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I'm not sure if I formulated my question well, but I'm curious about a couple statements made by Steven Pinker and and James Heckman.

In this interview: Steven Pinker says

"there'd be a wide variety of families I could have grown up with and had the same kinds of interests"

and in this interview with James Heckman, he says:

But anyway, Smith says people are basically born the same and at age 8 one can't really see much difference among them. But then starting at age 8, 9, 10, they pursue different fields, they specialize and they diverge. In his mind, the butcher and the lawyer and the journalist and the professor and the mechanic, all are basically the same person at age 8. This is wrong. IQ is basically formed by age 8, and there are huge differences in IQ among people. Smith was right that people specialize after 8, but they started specializing before 8.

Can anyone explain Heckman's statement that people "start specializing before 8"?

What do we know about genetic influence on interests? (Is this the right stackexchange to ask this on?)

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I think the concept you are looking for is the one of heritability.

In short, heritability represents the part of the variance for a trait that is caused by the genetic variance only. For more information, you can refer to this, this, this or this post or to wiki.

This wikipedia article talks about the heritability of IQ in human. It has been measured to be around 0.7.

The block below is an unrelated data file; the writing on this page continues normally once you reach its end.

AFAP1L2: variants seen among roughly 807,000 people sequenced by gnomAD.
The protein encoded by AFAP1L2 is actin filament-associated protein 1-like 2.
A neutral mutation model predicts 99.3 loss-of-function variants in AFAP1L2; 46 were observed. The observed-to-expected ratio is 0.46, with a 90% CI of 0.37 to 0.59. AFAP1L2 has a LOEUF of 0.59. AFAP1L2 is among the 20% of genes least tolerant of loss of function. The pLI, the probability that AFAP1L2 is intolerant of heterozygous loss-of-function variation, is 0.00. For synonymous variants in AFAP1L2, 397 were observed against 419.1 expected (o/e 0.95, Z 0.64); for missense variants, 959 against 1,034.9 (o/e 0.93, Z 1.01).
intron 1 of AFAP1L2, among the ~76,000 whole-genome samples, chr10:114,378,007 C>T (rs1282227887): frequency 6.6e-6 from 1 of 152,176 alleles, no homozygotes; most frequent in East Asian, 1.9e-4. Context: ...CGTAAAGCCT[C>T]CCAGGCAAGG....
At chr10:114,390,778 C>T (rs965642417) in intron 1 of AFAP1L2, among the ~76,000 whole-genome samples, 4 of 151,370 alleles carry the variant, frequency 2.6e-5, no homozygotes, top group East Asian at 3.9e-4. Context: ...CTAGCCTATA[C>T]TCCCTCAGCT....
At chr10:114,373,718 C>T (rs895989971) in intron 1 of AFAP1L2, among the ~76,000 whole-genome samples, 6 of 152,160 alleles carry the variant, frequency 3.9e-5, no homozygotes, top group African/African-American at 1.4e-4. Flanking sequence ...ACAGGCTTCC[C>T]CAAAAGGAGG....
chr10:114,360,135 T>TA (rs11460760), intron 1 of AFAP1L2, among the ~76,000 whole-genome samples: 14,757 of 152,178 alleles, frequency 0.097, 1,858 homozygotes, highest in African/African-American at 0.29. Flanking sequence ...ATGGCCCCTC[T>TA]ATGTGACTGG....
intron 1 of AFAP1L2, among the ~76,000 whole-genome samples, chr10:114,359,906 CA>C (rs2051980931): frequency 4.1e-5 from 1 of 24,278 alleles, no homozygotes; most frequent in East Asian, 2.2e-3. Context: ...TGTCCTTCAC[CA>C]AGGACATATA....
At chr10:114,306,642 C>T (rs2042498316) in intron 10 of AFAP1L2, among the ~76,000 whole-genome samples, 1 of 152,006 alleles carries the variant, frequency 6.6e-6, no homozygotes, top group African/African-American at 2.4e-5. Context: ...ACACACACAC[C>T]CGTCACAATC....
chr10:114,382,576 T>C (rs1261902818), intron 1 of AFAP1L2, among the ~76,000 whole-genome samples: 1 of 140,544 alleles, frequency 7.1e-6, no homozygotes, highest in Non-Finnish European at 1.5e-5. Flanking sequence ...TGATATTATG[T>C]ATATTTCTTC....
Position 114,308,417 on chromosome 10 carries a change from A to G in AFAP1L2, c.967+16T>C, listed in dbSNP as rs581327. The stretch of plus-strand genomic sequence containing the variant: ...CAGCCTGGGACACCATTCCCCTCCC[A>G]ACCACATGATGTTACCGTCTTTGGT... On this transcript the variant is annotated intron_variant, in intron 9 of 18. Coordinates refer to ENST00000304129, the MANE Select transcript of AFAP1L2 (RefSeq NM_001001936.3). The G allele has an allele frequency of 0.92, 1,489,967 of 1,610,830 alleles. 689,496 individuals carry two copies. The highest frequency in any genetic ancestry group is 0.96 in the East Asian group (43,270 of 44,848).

Of course, heritability in IQ is not the same as heritability of "interests". But I don't know about any measure concerning the heritability of "interests". Such measure will be highly dependent on how you classify interests together. Does a mathematician specialist of probability theory have the same interests than a mathematician specialist of non-linear algebra? Does a Mathematician have the same interests than a chemist? and of a engineer? and of an electrician? Does a butcher have the same interests than a backer? and of a waiter? and of a bricklayer? .. Does anyone who work in business have the same interests? The fewer groups you make, the higher will the correlation between parents and offsprings and the higher is the part of the genetic variance that explain the variance in interests choice.

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I guess this is another nature vs nurture debate. IQ may be a heritable trait but the question is whether proclivities are also genetically heritable. – WYSIWYG Apr 25 '14 at 9:47
Have there been any "separated twin" studies on this? Although, speaking from informal experience, several of the twin sets I know are in completely different lines of work, if that's any measure of "interest." – MattDMo Apr 26 '14 at 20:52

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